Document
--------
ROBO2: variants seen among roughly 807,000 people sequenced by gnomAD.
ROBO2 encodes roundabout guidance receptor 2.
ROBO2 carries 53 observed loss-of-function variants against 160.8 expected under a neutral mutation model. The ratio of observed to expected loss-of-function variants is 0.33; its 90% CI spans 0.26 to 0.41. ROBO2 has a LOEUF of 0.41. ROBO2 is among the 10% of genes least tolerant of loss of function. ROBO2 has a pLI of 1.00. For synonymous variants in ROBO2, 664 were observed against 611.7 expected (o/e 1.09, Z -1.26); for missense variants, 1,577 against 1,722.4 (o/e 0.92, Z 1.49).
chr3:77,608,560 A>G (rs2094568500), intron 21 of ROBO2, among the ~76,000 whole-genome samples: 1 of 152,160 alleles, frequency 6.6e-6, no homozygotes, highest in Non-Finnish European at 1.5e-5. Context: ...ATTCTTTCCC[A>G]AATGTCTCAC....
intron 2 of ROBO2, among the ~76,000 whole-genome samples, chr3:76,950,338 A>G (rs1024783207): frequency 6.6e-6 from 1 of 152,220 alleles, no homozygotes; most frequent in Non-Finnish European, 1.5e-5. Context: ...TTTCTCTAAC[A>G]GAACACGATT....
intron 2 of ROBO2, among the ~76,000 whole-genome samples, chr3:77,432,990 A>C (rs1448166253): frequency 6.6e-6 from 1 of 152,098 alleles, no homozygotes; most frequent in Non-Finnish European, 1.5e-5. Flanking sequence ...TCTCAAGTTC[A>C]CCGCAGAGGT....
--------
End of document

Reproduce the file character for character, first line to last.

ROBO2: variants seen among roughly 807,000 people sequenced by gnomAD.
ROBO2 encodes roundabout guidance receptor 2.
ROBO2 carries 53 observed loss-of-function variants against 160.8 expected under a neutral mutation model. The ratio of observed to expected loss-of-function variants is 0.33; its 90% CI spans 0.26 to 0.41. ROBO2 has a LOEUF of 0.41. ROBO2 is among the 10% of genes least tolerant of loss of function. ROBO2 has a pLI of 1.00. For synonymous variants in ROBO2, 664 were observed against 611.7 expected (o/e 1.09, Z -1.26); for missense variants, 1,577 against 1,722.4 (o/e 0.92, Z 1.49).
chr3:77,608,560 A>G (rs2094568500), intron 21 of ROBO2, among the ~76,000 whole-genome samples: 1 of 152,160 alleles, frequency 6.6e-6, no homozygotes, highest in Non-Finnish European at 1.5e-5. Context: ...ATTCTTTCCC[A>G]AATGTCTCAC....
intron 2 of ROBO2, among the ~76,000 whole-genome samples, chr3:76,950,338 A>G (rs1024783207): frequency 6.6e-6 from 1 of 152,220 alleles, no homozygotes; most frequent in Non-Finnish European, 1.5e-5. Context: ...TTTCTCTAAC[A>G]GAACACGATT....
intron 2 of ROBO2, among the ~76,000 whole-genome samples, chr3:77,432,990 A>C (rs1448166253): frequency 6.6e-6 from 1 of 152,098 alleles, no homozygotes; most frequent in Non-Finnish European, 1.5e-5. Flanking sequence ...TCTCAAGTTC[A>C]CCGCAGAGGT....